It was one of the greatest moments in the history of Preston North End.
But the day the Lilywhites won the FA Cup for the second time was almost one of the most embarrassing in the history of the Lancashire Post.
The story of how the county’s newspaper almost sent thousands of copies with the wrong scoreline on to the streets has passed into legend among relatives of the man who saved the day.
Former Post sports journalist Ron Page died last month at the age of 93 after a long and eventful life.
His son Andy recalls the day Ron (inset below) spared his employer’s blushes on the biggest day of the year for the newspaper.
He says: “Upon leaving school, Ron took up an apprenticeship at the Lancashire Evening Post in the sports section. Can you imagine the delight, so early in their careers, when their home town team, their cherished PNE, reached the 1938 FA Cup Final at Wembley? North End had lost in the Cup Final the previous season, so there was great anticipation. Off they went for a momentous trip of a lifetime to London, full of hope and excitement.
“The old Wembley stadium at that time was already becoming dated. The set-up for journalists inside the ground was less than ideal. The sports editor was up in the stand in the Press Box, but the telephones were down below on the concourse. The routine was established, that the sports editor would write his commentary notes and hand them to the young apprentices. They had a relay system going to take turns at calling-in the report to the Preston office.
“In those days, the paper would have several editions published throughout the day, culminating in the Final Edition. The system worked well, though there was precious little to report. The match was a pretty dull stalemate, with no goals at all before going into the half-hour of extra time.
“The messages back to the office were, quite frankly, getting banal. So gloomy and boring a match was it that the sports editor in the stands took the risk of getting an early exit to avoid the inevitable crush – what a mistake!
“With the game drawing to a close, and the entire crowd urging the referee to put them all out of their misery, Ron was handed the final note back home – ‘boring Nil-Nil draw, replay next week at Villa Park.’
Below the stands Ron was about to call it through to the office, on pins to be ready to ‘leg-it’ with his colleagues to depart the stadium. Just as he begins his message, a roar goes up. Dilemma, does he continue his message?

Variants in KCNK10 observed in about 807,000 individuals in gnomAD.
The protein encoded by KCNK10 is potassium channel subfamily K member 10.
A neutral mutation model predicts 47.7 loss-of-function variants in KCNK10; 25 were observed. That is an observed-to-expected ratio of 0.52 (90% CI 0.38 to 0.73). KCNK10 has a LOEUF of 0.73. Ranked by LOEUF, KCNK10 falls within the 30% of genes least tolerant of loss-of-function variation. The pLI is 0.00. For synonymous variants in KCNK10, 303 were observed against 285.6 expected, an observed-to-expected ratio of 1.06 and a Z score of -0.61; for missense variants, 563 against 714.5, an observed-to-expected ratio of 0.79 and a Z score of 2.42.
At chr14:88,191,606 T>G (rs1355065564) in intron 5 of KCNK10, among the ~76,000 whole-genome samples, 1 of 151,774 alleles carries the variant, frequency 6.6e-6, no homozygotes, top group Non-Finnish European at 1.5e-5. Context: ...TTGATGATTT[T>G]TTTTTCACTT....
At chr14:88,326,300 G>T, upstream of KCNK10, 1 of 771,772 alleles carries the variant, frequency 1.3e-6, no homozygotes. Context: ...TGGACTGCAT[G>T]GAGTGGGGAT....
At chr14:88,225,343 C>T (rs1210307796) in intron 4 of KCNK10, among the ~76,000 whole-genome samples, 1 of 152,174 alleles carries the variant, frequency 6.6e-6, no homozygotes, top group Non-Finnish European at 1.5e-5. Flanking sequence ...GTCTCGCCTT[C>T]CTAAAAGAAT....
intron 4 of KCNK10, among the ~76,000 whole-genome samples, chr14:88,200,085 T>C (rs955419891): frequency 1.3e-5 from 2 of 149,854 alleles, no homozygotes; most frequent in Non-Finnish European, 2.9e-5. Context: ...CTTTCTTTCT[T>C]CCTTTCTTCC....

“No, he rushes back up the steps into the stand, just in time to see George Mutch hit the back of the net with the winning penalty, virtually the last kick of the game! Bedlam ensues. In fairness to the sports editor, even the BBC commentator is on record as saying that ‘if there’s a goal in this game, I’ll eat my hat’.
“And what reward for the young Ron for saving the sports editor’s neck, and the paper from grave embarrassment? He had to wait until they broke up for Christmas, when everyone lined up to receive their ‘bonus’ festive pay packet from the paper’s owner.
“Ron got his standard pay packet, but then, directly from the chief’s personal wallet, a £5 note (one of the big, old white ones). He must have been earning way less than that back then, so a
significant amount to the young lad.”
Ron’s father, Bill Page, was a top crown green bowler –while his mother, Sarah Ann Page, was a member of the
famous Dick, Kerr Ladies during the First World War.
Given his family background, it was no surprise that Ron was also an avid sportsman.
Football was his greatest passion and he played for the Preston Schools’ XI.
It was while playing with the town team that he struck up a friendship with the late Sir Tom Finney. Both of them were the ‘nippy wingers’ in the side.
Ron’s everlasting, tongue-in-cheek, ‘claim to fame’ was to have played left wing for Preston Schools en route to the English Schools final in the mid 1930s while Finney was sat on the bench.
The men’s friendship continued after their playing days were both over and in the mid-1960s Sir Tom went round to Ron’s house to replace the family’s kitchen window proving that not only was he a plumber but a deft joiner and glazier, too.